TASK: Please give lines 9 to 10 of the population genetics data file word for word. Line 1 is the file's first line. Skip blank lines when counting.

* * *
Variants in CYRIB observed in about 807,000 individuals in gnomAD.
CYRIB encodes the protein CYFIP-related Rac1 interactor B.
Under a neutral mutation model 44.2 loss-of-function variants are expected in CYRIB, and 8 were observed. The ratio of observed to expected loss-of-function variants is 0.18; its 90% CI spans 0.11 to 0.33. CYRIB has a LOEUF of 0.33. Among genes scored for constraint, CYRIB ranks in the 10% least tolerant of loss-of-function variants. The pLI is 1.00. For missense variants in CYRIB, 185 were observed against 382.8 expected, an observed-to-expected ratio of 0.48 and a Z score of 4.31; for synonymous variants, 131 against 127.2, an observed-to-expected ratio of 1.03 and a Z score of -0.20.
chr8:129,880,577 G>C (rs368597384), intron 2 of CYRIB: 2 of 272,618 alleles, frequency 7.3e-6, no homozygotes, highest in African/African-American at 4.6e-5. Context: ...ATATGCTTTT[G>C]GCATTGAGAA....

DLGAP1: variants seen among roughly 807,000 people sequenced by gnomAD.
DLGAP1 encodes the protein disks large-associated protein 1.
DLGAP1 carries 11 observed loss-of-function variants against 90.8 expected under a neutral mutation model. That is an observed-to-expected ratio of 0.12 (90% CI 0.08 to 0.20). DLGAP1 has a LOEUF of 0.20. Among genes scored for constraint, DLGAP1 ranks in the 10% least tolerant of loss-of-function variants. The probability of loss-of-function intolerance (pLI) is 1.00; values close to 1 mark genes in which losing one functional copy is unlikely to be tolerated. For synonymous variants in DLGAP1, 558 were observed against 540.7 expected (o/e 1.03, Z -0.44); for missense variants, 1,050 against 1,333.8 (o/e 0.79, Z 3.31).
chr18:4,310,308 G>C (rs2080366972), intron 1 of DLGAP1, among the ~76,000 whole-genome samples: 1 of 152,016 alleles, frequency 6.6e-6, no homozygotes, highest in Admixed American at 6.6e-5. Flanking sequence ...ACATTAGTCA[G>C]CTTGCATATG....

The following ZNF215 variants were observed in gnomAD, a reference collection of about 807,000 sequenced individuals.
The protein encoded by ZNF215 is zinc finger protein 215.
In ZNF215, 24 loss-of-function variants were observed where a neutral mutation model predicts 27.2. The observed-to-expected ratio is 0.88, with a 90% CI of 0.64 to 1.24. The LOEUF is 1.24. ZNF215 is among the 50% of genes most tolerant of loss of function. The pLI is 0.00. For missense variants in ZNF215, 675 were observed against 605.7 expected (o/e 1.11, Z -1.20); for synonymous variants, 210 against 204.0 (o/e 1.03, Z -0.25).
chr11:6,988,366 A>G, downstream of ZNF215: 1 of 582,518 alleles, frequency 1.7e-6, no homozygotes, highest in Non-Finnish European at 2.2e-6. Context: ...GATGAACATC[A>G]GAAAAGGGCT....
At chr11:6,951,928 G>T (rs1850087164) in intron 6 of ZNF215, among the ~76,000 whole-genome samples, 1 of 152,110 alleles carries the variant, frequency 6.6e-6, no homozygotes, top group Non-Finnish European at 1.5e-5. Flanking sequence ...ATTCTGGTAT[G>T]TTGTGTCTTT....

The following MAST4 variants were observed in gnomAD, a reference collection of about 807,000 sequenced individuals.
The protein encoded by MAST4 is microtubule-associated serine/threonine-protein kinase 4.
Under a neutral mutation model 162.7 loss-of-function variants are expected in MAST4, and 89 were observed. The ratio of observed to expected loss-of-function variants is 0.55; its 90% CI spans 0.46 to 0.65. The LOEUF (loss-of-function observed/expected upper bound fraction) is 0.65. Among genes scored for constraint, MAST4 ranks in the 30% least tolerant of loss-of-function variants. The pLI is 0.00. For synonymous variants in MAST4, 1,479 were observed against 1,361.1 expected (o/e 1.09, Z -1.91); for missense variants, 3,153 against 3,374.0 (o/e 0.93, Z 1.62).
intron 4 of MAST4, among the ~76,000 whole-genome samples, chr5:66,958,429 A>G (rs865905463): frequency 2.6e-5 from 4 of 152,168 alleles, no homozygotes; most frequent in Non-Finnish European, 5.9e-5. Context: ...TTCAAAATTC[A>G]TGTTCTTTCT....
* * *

The following ZNF215 variants were observed in gnomAD, a reference collection of about 807,000 sequenced individuals.
The protein encoded by ZNF215 is zinc finger protein 215.